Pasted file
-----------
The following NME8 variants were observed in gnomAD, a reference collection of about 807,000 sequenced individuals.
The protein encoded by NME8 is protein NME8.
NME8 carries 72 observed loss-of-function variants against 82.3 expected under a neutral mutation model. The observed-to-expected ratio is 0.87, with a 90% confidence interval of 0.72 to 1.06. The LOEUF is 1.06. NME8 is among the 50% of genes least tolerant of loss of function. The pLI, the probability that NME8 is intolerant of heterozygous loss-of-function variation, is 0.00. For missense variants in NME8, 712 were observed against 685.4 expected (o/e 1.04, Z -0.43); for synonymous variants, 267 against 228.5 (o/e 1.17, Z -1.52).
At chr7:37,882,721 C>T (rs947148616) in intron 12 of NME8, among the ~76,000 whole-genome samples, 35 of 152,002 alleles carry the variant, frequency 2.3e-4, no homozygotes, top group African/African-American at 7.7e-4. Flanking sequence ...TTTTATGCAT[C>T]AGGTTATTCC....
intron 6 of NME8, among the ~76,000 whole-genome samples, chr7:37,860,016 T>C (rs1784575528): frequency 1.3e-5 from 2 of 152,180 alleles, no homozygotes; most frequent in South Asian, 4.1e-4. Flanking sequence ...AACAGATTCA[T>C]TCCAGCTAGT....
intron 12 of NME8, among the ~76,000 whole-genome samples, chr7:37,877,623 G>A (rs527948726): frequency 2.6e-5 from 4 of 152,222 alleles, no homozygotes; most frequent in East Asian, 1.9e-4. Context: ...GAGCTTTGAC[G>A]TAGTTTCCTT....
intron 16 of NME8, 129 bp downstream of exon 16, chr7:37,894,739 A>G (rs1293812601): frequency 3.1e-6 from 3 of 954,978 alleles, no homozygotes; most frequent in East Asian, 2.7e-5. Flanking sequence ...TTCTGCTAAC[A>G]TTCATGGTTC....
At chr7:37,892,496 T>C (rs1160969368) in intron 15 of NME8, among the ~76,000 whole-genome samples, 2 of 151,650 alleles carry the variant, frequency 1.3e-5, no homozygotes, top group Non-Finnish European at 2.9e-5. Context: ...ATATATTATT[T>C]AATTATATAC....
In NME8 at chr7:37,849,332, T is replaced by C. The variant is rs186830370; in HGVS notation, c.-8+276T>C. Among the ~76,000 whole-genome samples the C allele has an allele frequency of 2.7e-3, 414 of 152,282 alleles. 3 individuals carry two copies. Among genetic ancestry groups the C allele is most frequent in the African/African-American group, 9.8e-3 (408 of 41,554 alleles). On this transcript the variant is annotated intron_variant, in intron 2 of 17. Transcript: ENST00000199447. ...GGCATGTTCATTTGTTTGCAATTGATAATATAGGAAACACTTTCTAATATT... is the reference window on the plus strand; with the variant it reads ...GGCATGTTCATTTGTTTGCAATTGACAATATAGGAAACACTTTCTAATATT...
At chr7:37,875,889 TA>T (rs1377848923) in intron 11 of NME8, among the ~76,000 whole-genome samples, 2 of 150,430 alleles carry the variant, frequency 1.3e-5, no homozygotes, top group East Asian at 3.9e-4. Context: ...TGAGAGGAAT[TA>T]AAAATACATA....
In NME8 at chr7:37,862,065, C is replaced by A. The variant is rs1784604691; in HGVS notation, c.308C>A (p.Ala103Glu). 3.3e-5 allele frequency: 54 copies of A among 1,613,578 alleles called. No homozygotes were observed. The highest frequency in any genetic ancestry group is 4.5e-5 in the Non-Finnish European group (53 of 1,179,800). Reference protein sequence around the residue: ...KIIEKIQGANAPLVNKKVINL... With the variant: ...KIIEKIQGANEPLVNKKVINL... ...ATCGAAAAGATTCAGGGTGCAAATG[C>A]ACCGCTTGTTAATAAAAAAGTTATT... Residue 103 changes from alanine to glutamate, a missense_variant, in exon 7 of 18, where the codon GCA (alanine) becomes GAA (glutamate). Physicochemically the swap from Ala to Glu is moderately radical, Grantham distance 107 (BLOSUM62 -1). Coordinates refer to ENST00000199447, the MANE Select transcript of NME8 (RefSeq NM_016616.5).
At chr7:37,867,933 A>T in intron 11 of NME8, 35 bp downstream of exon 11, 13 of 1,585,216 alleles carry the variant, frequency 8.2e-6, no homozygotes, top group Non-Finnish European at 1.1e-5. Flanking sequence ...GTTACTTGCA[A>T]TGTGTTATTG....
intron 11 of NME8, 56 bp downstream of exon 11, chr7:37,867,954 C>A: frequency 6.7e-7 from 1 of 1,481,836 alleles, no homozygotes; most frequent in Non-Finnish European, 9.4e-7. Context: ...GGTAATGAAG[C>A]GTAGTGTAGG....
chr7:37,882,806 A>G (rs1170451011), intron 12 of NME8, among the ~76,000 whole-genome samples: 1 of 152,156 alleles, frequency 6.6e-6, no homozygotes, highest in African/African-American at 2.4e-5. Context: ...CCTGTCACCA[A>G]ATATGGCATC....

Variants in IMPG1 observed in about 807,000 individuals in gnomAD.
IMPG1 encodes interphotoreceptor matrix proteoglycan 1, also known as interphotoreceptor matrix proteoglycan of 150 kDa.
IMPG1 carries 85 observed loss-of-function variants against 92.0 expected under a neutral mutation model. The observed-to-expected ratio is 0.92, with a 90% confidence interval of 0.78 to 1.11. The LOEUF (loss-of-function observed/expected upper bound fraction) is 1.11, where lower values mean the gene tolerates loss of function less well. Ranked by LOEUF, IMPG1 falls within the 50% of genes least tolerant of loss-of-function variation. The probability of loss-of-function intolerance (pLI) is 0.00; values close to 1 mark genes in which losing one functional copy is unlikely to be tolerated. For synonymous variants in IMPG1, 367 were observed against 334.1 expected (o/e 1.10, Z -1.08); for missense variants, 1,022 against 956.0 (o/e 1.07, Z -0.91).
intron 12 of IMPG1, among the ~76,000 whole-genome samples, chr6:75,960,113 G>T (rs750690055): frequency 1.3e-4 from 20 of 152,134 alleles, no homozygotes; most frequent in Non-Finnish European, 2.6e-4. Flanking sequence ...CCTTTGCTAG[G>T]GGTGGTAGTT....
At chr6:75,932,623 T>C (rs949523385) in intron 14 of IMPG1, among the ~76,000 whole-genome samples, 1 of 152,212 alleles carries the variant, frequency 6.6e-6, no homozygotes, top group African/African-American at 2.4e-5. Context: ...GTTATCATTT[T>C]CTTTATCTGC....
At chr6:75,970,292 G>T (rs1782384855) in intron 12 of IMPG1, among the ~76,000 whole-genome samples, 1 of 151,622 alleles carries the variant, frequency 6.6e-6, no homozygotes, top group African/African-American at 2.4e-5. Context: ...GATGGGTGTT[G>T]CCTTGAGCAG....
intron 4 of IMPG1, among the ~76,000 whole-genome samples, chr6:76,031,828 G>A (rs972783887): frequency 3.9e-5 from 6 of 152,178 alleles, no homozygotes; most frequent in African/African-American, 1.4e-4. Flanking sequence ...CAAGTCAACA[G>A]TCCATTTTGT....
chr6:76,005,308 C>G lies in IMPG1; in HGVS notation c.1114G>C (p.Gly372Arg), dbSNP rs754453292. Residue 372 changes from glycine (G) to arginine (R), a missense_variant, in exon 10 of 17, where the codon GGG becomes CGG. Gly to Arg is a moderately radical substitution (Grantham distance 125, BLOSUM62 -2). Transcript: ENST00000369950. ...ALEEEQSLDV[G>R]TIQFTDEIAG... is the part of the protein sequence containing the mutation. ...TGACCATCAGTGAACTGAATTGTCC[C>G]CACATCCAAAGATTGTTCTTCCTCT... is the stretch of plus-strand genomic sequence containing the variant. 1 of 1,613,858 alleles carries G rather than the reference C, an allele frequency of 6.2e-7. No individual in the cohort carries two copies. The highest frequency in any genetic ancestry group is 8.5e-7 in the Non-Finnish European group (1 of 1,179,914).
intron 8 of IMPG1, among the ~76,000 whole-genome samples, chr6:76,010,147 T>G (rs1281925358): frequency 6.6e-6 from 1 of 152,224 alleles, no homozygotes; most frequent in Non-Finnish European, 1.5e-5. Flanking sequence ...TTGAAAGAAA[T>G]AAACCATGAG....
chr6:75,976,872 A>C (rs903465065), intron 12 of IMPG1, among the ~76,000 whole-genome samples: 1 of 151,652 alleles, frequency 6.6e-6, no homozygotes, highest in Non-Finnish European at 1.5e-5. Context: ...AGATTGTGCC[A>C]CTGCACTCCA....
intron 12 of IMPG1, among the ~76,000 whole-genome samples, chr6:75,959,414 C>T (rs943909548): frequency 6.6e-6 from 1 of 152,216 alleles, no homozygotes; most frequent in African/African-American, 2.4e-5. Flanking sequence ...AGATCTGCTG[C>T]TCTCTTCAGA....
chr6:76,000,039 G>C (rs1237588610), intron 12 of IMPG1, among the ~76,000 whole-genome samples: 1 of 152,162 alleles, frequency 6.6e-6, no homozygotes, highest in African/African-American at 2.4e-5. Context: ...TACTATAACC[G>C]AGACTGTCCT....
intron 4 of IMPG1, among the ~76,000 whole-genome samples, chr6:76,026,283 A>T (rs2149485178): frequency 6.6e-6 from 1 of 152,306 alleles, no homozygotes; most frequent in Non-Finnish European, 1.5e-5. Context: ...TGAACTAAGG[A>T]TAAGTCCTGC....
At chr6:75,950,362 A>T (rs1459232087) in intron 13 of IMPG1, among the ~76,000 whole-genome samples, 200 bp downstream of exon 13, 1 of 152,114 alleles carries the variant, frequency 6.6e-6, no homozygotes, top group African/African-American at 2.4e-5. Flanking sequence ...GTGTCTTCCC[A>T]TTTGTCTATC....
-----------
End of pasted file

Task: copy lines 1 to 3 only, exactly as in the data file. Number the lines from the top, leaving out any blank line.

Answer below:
The following NME8 variants were observed in gnomAD, a reference collection of about 807,000 sequenced individuals.
The protein encoded by NME8 is protein NME8.
NME8 carries 72 observed loss-of-function variants against 82.3 expected under a neutral mutation model. The observed-to-expected ratio is 0.87, with a 90% confidence interval of 0.72 to 1.06. The LOEUF is 1.06. NME8 is among the 50% of genes least tolerant of loss of function. The pLI, the probability that NME8 is intolerant of heterozygous loss-of-function variation, is 0.00. For missense variants in NME8, 712 were observed against 685.4 expected (o/e 1.04, Z -0.43); for synonymous variants, 267 against 228.5 (o/e 1.17, Z -1.52).